The PLG Trifecta: SaaS Heaven or SaaS Hell?

Posted: 9 Feb 2023

A new framework to boost your PLG superpower

At Connect Ventures, our thesis is all about product, and we love products even more when they’re the organic engine for growth.

A product that organically draws in high-quality customers will spread quickly and efficiently. As a growth channel, product is almost unlimited and hyper-efficient. PLG stops you from relying on expensive, slow sales cycles and competitive performance marketing campaigns. Those two routes typically don’t scale well. Product-led growth does. This makes it extremely valuable for growing a startup.

While everyone agrees Product Led Growth is a fantastic business driver, it’s also a buzzword with many different definitions. Even more critically, founders and operators can find it hard to execute PLG. It’s important to define it so that we can talk about it properly, and understand how to execute on it well.

Therefore, to help founders and operators maximise their PLG potential, we wanted to lay out our definition, build on the concept of PLG with our new PLG Trifecta framework, and produce practical tips for how to build and optimize it.

Pietro originally wrote about the PLG Trifecta framework with specific reference to Typeform: If product is King, Product-Led Growth is King Kong. With this new post, we’re expanding its scope. We articulate the three Trifecta components for product-led founders and provide a simple way to score PLG potential to figure out SaaS Heaven vs SaaS Hell. We are also giving several examples from well-known product companies across B2B and Consumer.

The Product-Led Growth Trifecta

Our product-led growth definition:

Product-Led Growth is the ability for a business to grow purely as a result of its product being used.

Product-led growth is when users bring in new users through normal usage of the product. If you create a Google Doc and invite others to collaborate with you on it, this causes them to become users too. This is product-led growth.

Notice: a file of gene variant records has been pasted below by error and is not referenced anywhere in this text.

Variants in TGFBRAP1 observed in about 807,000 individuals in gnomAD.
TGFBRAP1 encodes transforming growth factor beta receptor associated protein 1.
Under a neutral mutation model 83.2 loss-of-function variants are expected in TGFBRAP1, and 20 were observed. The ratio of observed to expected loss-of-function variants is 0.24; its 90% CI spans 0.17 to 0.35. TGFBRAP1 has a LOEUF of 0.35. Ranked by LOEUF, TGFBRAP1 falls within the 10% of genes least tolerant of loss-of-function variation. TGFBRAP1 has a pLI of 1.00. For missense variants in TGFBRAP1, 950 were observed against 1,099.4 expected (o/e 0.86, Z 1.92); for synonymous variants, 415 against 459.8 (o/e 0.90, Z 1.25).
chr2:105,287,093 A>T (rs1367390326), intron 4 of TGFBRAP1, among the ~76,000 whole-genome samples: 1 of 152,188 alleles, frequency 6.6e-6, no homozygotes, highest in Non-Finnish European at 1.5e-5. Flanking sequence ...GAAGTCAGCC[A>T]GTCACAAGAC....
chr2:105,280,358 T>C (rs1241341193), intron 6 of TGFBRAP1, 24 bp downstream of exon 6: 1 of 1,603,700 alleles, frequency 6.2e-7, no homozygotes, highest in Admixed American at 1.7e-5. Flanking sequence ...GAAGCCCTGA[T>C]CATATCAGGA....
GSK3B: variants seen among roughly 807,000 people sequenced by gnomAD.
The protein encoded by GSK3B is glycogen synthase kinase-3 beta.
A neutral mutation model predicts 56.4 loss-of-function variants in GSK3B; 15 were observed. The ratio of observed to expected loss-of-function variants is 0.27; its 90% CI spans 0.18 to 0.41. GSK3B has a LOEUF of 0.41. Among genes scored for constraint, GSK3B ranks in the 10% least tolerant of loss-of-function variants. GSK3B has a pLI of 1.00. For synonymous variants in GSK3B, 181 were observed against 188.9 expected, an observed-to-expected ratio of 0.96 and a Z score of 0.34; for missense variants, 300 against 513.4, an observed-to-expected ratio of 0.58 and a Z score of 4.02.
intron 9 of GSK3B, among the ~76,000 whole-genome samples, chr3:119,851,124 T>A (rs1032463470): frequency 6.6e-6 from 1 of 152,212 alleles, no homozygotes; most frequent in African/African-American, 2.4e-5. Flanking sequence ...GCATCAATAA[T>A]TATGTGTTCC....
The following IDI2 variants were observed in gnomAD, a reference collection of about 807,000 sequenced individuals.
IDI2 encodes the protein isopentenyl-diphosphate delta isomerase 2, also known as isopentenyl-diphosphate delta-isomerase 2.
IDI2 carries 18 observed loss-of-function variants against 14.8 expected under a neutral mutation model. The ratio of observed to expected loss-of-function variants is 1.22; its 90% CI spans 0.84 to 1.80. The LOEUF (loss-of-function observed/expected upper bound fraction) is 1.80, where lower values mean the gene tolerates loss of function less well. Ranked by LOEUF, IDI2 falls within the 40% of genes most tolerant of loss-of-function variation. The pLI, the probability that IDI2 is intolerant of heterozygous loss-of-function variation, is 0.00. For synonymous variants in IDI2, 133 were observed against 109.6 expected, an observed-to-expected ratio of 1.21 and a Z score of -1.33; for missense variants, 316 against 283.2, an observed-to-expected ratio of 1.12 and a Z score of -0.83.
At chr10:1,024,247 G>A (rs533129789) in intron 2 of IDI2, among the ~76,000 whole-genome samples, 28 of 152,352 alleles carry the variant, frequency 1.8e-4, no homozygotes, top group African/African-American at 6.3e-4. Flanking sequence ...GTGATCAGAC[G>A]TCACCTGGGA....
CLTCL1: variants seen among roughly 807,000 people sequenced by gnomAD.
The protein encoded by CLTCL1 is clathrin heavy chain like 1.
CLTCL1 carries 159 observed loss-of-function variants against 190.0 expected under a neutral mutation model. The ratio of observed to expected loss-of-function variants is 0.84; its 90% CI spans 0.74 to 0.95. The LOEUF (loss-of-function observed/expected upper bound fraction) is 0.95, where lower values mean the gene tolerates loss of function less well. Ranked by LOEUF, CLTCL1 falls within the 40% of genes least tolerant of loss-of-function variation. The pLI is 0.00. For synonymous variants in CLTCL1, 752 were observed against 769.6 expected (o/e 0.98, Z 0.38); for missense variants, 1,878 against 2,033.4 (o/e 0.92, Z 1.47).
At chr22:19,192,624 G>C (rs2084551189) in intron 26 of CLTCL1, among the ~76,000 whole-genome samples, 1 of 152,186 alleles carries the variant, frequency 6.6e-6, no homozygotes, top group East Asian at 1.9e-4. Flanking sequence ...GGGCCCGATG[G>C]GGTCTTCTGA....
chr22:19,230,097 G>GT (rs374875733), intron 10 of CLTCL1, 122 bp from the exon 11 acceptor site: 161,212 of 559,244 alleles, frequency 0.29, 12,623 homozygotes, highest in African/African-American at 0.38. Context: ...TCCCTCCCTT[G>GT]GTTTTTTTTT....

However, breaking it down, PLG is actually composed of three elements that impact different stages of the go-to-market and customer journey:

  • Distribution
  • Adoption
  • and Expansion.

And here is the trick: the full power of PLG comes when all three components multiply. We call this the PLG Trifecta.

Product-led Distribution.

PLD occurs when the product markets itself. This is when each user, by sharing the product, forces consumption by other users, who then become customers. This built-in growth engine brings in new customers as a “free” acquisition channel – it’s viral and it compounds with scale. It’s the most powerful and efficient distribution of them all. Here are some examples:


  • When you use Calendly to manage your diary, anyone booking a meeting with you is forced to use Calendly.
  • When you share a Spotify playlist, you bring new users on to the Spotify platform.
  • When you send a YouTube video via a messaging app, you drive the recipient to YouTube to view it.
  • When you use Zoom for a meeting, all other participants must use Zoom too.
  • When you use Typeform to gather information, every one of your recipients will use the form you create.

Product-led Adoption

PLA occurs when the product sells itself. It’s the ability of your customers to start using the product quickly and efficiently. The more new users are able to discover value on their own, the more product-led the growth motion is (as opposed to sales-led). PLA impacts how user activation and user engagement work in the funnel journey.

For example Notion immediately offers a new user simple and easy to follow guides so they can get up and running right away.